In other areas of our portfolio, we’ve teamed with the W. K. Kellogg Foundation and the DentaQuest Foundation to research policies that will help hundreds of thousands of children access dental care, and with the Robert Wood Johnson Foundation to evaluate how policies related to education, transportation, housing and other sectors affect health. We work with the Rockefeller Foundation to assess state transportation systems. We also joined with the Peter G. Peterson Foundation and the Committee for a Responsible Federal Budget to propose ways that the federal budget process could be reformed to be more disciplined, forward-looking, and transparent.
Q: What types of issues do Pew and its partners work on most?
A: Our campaigns address a wide range of issues. Our primary areas of focus include public health, the environment, state policy and performance, and public opinion research. A separate subsidiary, the internationally known Pew Research Center, is a “fact tank” that polls on a wide range of important issues and trends but does not take policy positions.
Some donors choose to support an existing program, while others propose new projects that are related to our areas of interest and expertise. For example, in 2004 philanthropist Gerry Lenfest told us of his interest in producing and disseminating research that would inform policymakers charged with protecting marine environments. Together, we created the Lenfest Ocean Program, which we are honored to manage on Mr. Lenfest’s behalf. To date, the program has supported more than 70 studies that have been published in more than 120 peer-reviewed publications circulated in more than 30 countries. Together, we have helped to broker the largest forest conservation agreement in history: 130 million acres secured and an additional 200 million acres pledged for protection, approximately twice the size of Alaska.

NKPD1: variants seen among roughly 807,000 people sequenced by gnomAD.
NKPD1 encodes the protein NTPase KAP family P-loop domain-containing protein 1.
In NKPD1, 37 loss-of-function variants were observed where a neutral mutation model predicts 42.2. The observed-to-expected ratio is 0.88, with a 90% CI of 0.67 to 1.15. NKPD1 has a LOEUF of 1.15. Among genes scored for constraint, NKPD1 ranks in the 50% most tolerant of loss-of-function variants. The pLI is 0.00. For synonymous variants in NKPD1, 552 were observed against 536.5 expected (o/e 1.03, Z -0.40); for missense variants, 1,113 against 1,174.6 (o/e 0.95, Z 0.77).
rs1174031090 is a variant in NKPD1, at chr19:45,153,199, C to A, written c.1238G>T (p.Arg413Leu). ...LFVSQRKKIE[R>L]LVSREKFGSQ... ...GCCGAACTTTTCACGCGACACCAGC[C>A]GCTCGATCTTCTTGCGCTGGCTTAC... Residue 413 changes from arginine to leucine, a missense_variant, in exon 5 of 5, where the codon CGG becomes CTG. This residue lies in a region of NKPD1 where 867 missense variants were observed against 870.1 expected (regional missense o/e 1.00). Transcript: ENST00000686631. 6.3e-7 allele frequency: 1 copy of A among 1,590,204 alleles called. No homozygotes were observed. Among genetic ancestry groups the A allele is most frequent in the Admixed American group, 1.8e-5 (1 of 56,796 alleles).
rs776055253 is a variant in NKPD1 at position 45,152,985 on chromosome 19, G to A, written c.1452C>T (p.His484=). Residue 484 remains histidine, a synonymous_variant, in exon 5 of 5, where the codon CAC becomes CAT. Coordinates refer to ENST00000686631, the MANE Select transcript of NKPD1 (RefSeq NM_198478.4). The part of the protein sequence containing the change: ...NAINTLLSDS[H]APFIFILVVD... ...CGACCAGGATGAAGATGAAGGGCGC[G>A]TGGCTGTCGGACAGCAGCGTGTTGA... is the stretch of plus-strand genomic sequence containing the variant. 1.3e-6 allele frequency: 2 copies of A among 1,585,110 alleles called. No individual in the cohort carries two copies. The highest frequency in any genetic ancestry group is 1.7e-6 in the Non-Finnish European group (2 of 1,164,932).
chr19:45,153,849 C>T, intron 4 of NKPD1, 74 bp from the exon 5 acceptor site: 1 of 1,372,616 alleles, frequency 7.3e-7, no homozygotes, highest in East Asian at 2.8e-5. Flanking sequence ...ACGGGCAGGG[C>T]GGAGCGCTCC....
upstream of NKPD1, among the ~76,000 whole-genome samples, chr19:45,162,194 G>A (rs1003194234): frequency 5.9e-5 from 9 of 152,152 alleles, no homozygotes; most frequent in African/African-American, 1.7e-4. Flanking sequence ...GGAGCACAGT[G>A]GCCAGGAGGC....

Q: What role do your partners play?
A: Often they play an active one. For example, our Global Ocean Legacy project is a collaboration with the Oak, Waitt, Robertson, Bloomberg and Tiffany foundations and philanthropist Lyda Hill. Each partner contributes equally, including Pew, and all share responsibility for decision-making.
Since 2005, the work of Global Ocean Legacy has resulted in more than doubling the amount of ocean that is highly protected worldwide. Last year, the partners played a leading role in securing the designation of the largest reserve on the planet, the United Kingdom’s Chagos Marine Reserve in the Indian Ocean. It’s more than 60 times the size of Yellowstone National Park. Other major GOL victories include the creation of the Papahanaumokuakea Marine National Monument in the northwest Hawaiian Islands and the Marianas Trench; and the soon to be designated Coral Sea Marine Reserve in Australia.
Q: How can prospective partners learn more?
A: Call me! We are always interested in hearing from people who want to explore opportunities to partner with Pew. My phone number is 202-540-6525, and my email address is email@example.com.
Ms. O’Brien, who has 20 years of fundraising experience, came to Pew from the Johns Hopkins Carey Business School, where she served as associate dean for development and external affairs. Before that, she was director of development at the Johns Hopkins Bloomberg School of Public Health and played a pivotal role in the successful conclusion of the school’s $500 million capital campaign. Prior to joining Johns Hopkins, Ms. O’Brien was a member of the British Diplomatic Service and served in London, Brussels and Washington.